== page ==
The weeks after midsummer and until mid August are special and are probably the quietest time of the year on campus; a perfect time to focus on research, and on all the unfinished work that had been piling up during the term. Time to read articles and to write manuscripts, and maybe prepare for the upcoming autumn term. Or time to relax, meet family and friends, go for long walks, take a sailing trip in the beautiful archipelago or pick mushrooms in the surrounding forests.

But for some the weeks after midsummer are still pretty busy. Stockholm University runs for example a few summer courses, mostly aimed at exchange students. And I know of several PhD students who will defend their work in autumn and who will need to work through the summer to get their thesis ready!

I wish all of you a really nice, relaxing and productive summer! Winter is not very far away!

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Where will they all go?

One of the larger events this year, at least for our Department, will be the SWERUS-C3 expedition to the Arctic. More than half of the researchers at IGV (Dept of Geological Sciences) will join the expedition, which is led by Martin Jakobsson (IGV) and Örjan Gustafsson (ITM). Our corridors and our department will feel empty with so many people gone! But then – who would not want to join this exciting Swedish – Russian – USA expedition with the Swedish icebreaker Oden from Norway through the Arctic Ocean to Barrow in Alaska and back again? For sure, the researchers will see icebergs and polar bears, but also a seemingly never ending ocean. It is however not the icebergs and the polar bears that are the focus of this expedition!

The expedition, which has been carefully planned for many years, aims at a better understanding of how global climate change will affect the East Siberian Arctic Ocean, a part of the world that is experiencing very fast rates of climate warming. The East Siberian Arctic Ocean is very special since it holds vast quantities of submarine (shelf, slope) and coastal permafrost and this permafrost in turn stores huge amounts of carbon and methane. What will happen to these greenhouse gases if (or when) the permafrost starts to melt? They will be released and will add considerable amounts of greenhouse gases to the atmosphere! But how much and how fast? And how stable are these deposits, some of which are concentrated to the slope, i.e. the part between the shelf and the deep ocean? Up to now little is known about the stability of these methane bearing frozen layers.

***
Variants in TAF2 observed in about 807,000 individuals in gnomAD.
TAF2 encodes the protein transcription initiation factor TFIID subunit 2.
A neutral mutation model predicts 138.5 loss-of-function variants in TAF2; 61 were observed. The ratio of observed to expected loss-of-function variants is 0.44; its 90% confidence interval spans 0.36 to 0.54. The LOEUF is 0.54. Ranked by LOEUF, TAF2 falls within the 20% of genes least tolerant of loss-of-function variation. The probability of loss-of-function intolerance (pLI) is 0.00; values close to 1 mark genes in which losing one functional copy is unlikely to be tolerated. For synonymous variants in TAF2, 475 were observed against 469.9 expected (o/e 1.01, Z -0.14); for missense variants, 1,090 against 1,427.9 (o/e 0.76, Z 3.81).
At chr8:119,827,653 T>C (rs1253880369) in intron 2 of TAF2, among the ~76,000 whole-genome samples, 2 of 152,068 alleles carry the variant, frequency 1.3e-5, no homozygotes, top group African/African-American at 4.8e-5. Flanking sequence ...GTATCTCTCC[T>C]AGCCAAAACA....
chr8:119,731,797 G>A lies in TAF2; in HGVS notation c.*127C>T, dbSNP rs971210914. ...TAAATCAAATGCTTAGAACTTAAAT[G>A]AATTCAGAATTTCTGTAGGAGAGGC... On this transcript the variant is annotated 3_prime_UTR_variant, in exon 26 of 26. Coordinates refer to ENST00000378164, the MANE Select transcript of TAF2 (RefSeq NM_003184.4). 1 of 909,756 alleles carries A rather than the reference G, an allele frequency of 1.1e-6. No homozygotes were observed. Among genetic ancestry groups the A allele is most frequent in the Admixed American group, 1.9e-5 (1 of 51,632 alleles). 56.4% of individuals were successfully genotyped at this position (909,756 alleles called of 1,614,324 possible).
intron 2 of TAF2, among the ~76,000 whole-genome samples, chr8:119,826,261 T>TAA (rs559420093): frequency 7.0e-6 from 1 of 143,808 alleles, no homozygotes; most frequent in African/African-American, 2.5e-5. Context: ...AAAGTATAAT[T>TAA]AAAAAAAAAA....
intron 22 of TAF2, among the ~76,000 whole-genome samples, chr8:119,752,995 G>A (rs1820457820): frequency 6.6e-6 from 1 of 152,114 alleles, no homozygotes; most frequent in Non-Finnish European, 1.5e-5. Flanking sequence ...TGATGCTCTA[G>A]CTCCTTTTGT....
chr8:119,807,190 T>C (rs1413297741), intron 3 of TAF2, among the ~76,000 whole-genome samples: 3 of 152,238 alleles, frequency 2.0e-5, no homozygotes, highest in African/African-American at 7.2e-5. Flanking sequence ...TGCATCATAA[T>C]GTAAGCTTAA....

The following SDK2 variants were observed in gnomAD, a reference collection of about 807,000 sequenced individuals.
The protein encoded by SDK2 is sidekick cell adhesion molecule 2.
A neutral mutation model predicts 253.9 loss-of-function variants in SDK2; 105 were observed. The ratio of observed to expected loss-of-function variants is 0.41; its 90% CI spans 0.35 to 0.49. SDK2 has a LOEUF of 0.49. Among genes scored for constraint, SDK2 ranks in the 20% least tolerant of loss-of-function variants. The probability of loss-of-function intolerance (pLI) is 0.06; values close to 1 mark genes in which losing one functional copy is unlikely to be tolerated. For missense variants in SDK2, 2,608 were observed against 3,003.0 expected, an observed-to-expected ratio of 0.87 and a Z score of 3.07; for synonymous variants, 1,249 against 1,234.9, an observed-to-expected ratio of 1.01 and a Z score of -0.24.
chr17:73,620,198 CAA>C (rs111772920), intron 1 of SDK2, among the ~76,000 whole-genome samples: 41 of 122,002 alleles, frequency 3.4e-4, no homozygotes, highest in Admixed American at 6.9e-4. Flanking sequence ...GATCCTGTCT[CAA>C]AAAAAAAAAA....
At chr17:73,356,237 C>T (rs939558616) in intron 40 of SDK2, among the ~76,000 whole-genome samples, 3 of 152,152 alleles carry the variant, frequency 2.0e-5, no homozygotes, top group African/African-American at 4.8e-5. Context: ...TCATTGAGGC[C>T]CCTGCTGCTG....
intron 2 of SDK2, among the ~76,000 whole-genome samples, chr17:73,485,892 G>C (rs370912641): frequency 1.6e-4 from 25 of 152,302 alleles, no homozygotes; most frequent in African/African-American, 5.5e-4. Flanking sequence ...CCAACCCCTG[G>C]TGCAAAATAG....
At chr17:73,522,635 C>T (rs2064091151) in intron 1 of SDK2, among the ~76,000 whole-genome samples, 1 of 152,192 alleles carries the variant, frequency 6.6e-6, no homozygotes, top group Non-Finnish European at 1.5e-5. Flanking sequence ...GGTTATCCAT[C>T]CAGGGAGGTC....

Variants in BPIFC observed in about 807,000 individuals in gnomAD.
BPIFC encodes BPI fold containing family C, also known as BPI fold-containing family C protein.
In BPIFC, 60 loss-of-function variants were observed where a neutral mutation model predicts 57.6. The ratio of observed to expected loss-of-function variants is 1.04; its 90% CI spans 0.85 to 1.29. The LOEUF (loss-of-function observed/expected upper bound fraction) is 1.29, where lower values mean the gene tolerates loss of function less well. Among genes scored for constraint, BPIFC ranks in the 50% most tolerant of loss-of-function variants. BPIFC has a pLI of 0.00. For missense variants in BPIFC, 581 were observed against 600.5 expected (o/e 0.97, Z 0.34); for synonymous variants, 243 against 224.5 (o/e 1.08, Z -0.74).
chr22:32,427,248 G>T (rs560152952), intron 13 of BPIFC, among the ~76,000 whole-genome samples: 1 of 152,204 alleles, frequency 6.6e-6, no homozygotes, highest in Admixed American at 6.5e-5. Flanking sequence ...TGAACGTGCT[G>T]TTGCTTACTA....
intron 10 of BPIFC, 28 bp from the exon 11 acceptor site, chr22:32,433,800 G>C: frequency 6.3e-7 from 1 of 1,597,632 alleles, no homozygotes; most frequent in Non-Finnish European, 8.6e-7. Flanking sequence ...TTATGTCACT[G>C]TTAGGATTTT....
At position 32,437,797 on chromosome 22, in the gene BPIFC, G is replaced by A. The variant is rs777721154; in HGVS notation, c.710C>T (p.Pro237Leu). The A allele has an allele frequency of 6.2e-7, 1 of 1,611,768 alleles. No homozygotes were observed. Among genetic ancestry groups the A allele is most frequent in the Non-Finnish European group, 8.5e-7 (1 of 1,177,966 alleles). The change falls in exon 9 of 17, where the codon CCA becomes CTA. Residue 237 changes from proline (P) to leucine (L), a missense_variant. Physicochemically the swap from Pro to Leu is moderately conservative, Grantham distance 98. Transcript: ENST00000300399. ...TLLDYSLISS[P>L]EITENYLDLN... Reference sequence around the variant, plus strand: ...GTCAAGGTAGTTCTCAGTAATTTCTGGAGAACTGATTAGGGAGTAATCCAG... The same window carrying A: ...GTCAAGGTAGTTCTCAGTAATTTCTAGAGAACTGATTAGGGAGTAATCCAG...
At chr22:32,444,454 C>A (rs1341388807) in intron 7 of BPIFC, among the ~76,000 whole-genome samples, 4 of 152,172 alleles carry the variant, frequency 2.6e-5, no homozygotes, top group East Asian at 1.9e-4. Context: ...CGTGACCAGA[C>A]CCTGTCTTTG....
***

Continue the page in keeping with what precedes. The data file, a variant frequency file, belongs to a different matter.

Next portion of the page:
The researchers joining the SWERUS expedition will certainly be able to watch polar bears, but they will probably be very busy most of the time during this three month long journey. They will continuously measure emissions of carbon and methane, will take sediment samples to investigate if some of the carbon may be buried, and they will take long sediment sequences to place the current warming in a longer time perspective. Maybe there has been a time interval in the past, when permafrost has melted and carbon was released into the atmosphere? Probably one will have to travel far back in time to find a situation similar to today’s rapid warming? The sediment cores will definitely tell us!

SWERUS will for sure provide updates on the expedition. Until now one can join them on Facebook and get first hand information on who, when, where and what.

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Good prospects for geoscience students

The June issue of EOS featured a short article, which summarizes “The Status of the Geoscience Workforce 2014 Report”. This report, although based on a survey in the USA, is really good news for all geoscience students, because it predicts that there will be enough jobs available by the end of the next decades.

Of course it is hard to know how this survey translates to Europe, but given that most of our students easily find jobs today, prospects for the future may not be too bad. Energy and energy supply, raw materials, ores, water, natural hazards and environmental issues will certainly remain at the forefront and all these form part of geosciences.

For those of you who would like to read the full article and maybe even read the full report, here is the link: